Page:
San Jose-based Atmel Corp. designs, creates and sells microcontrollers — chips that drive all sorts of electronics internally and by touch — and memory devices. It also manufactures integrated circuits, flash memory, radio frequency and application-specific integrated circuits for a host of industries including consumer electronics, industrial networking and military products. Atmel’s chips make frequent appearances in familiar items like smartphones, energy meters and a variety of home appliances. More than 80 percent of its sales are international. The company employs approximately 5,000 employees and recorded full year 2012 revenue of $1.43 billion, down 21 percent from 2011 totals.
Scott Wornow, 50, always wanted to be a business attorney with an international focus. He graduated from the University of Virginia in 1984 with a B.A. in economics and spent his junior year abroad at Cambridge University. He returned to Cambridge after graduation to complete a B.A. and Master of Laws, which allowed him to graduate from Harvard Law School in two years in 1988. “I was thinking about working internationally at that point,” he says. “I always had an intuitive sense that I wanted to be a lawyer.” He began his career as a corporate and M&A lawyer at New York-based Kramer Levin Naftalis & Frankel and then moved to Paul Hastings’ newly launched New York office as an associate in 1994 where he continued to focus on M&A and corporate finance work. He was elected a partner at Paul Hastings in 1997 and began doing high-yield finance and M&A work for cable and telecom and increasingly, technology companies.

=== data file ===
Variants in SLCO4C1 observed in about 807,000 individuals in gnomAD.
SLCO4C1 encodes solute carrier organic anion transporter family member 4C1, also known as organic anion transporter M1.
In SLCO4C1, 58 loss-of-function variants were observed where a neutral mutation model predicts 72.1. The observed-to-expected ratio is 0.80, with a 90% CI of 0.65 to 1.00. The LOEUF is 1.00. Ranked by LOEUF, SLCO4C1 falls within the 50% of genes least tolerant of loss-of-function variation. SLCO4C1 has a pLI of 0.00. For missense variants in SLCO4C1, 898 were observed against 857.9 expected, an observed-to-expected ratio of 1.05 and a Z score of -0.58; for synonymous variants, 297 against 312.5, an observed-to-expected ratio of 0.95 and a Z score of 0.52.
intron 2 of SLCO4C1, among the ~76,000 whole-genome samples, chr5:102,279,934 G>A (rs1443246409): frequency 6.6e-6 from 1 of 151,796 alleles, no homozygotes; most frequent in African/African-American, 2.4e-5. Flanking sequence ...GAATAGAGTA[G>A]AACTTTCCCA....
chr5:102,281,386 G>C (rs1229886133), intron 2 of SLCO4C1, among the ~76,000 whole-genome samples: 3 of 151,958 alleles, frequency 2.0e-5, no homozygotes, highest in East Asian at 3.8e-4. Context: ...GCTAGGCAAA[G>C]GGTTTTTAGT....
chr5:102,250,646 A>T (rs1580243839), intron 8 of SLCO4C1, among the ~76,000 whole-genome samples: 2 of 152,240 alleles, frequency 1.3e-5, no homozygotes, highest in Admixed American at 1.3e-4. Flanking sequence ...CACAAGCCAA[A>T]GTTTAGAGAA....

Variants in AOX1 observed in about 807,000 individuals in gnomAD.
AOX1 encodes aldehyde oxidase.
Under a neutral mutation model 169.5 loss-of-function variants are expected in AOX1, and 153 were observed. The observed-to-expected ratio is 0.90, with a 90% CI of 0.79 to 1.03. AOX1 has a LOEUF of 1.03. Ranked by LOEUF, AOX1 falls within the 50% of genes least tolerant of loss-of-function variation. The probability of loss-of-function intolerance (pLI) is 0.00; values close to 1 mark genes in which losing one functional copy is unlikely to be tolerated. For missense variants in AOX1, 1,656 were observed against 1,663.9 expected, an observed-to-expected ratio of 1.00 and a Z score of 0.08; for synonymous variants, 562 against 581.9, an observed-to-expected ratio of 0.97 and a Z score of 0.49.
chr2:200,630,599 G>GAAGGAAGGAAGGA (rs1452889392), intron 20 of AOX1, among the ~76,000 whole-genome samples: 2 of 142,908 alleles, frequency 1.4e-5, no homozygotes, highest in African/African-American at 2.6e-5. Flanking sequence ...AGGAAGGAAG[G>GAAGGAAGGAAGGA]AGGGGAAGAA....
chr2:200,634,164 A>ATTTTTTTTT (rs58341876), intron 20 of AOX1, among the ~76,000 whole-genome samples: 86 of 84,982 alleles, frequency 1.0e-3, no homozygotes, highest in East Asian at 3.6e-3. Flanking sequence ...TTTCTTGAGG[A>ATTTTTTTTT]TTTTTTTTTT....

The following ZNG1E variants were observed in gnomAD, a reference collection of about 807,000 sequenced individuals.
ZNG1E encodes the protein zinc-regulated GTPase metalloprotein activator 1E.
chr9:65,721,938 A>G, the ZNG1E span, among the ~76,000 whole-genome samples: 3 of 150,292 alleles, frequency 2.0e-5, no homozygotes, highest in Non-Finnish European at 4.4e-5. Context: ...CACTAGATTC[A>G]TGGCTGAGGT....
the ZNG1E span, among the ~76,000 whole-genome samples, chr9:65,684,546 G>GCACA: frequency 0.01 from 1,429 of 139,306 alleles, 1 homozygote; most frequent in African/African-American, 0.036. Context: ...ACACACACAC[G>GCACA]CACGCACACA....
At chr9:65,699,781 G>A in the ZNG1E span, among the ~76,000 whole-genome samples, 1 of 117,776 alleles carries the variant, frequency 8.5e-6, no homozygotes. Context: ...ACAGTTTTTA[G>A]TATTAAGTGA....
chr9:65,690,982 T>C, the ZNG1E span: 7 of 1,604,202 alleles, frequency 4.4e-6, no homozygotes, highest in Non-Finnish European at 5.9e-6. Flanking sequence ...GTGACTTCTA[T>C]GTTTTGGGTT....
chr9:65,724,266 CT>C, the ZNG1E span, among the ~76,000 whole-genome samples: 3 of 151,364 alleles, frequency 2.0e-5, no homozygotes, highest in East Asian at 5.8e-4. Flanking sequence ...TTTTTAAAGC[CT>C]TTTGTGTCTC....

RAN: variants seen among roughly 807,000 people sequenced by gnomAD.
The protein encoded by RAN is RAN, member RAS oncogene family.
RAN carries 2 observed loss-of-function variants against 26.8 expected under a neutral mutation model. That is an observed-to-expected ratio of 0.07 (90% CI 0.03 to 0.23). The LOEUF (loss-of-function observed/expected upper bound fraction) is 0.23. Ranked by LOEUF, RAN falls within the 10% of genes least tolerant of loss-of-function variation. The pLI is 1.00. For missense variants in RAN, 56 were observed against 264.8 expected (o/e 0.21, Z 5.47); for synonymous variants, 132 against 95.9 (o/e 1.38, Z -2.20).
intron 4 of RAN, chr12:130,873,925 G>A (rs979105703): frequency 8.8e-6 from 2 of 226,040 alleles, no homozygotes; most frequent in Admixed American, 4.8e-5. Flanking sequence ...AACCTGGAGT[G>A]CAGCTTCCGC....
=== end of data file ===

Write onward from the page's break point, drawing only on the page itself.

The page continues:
Wornow went in house for the first time in 2000 as general counsel at OmniSky, one of the first wireless data providers offering access to email and the Internet. Wornow added the title of chief restructuring officer title as he helped the company file for Chapter 11 in 2001 while simultaneously selling its assets to EarthLink. After he wrapped up the OmniSky restructuring in 2003, he moved on to OpenTV, one of the first interactive digital television companies, as their general counsel and was later named executive vice president of legal and business affairs and IP. Once again, he’d engineer the sale of his employer, this time to Swiss-based Kudelski Group. In 2007 Wornow got an offer to help develop Goodwin Procter’s Silicon Valley corporate practice and then moved to Baker Botts, with whom he had worked closely while at OpenTV, in 2009 to start the Baker Botts West Coast corporate practice.
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